Gender markers no longer have to be on Saskatchewan birth certificates following a recent court decision.
The province has become the first jurisdiction where a court has ordered the government to remove gender markers on birth certificates.
“This court order marks an important day in our province. The removal of gender markers from birth certificates will greatly benefit our transgender community,” said David Arnot, Chief Commissioner of the Saskatchewan Human Rights Commission.
The Court of Queen’s Bench order issued Thursday was in response to two human rights complaints filed with the Saskatchewan Human Rights Commission. The Commission applied to the court for a hearing.
The order from the court removes an age limit, allowing people under the age of 18, to apply for changes to the gender marker on their birth certificates.
“Though we as parents did this for our own children, this decision applies to everyone, regardless of age, race or belief. We have fought for over five years for Renn. This victory is a precedent for all who identify as transgender or non-binary or have been harmed by discrimination because of their gender marker, in the lives of our youth and everyone.” said Dr. Fran Forsberg, parent of Renn Forsberg, one of the two key people who took this case forward.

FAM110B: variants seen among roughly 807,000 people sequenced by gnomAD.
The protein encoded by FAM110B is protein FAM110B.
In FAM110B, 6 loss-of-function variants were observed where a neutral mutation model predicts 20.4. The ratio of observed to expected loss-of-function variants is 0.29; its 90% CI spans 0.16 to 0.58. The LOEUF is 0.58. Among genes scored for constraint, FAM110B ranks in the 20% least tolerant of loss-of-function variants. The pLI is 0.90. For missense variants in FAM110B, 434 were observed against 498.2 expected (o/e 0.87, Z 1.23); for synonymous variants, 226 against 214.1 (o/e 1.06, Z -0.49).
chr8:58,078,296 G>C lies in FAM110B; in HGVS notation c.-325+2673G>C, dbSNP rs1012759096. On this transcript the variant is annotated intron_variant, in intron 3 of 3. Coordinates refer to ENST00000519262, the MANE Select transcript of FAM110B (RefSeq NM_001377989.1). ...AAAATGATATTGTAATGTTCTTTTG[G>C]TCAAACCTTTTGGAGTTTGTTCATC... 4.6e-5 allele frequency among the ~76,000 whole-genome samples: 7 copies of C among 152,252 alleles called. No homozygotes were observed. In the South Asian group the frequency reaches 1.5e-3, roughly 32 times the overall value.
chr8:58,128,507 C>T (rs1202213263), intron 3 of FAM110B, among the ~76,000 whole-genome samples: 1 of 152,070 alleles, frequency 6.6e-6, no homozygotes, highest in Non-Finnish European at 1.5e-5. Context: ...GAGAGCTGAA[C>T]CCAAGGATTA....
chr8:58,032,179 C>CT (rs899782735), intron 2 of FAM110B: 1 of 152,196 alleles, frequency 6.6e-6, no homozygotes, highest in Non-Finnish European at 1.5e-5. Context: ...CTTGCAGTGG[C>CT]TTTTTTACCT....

“Renn is a Cree two-spirit young woman and this decision honours her right to live proud and free to be as her spirit guides her.”
The province has 45 days to amend The Vital Statistics Act and The Saskatchewan Human Rights Code to reflect this decision.
“This is an amazing step in the right direction. This will allow every single person in Saskatchewan, regardless of age to be identified as whom they are,” said Dustin Dyck, parent of Jordan Dyck, the other parent who brought this case forward.
The Northwest Territories along with Newfoundland and Labrador allow for non-binary markers on birth certificates. Alberta amended its legislation to allow for such a change.
Just this month, Ontario allowed for “M”, “F”, “X” or for the removal of gender altogether from birth certificates.
-With files from Kevin Martel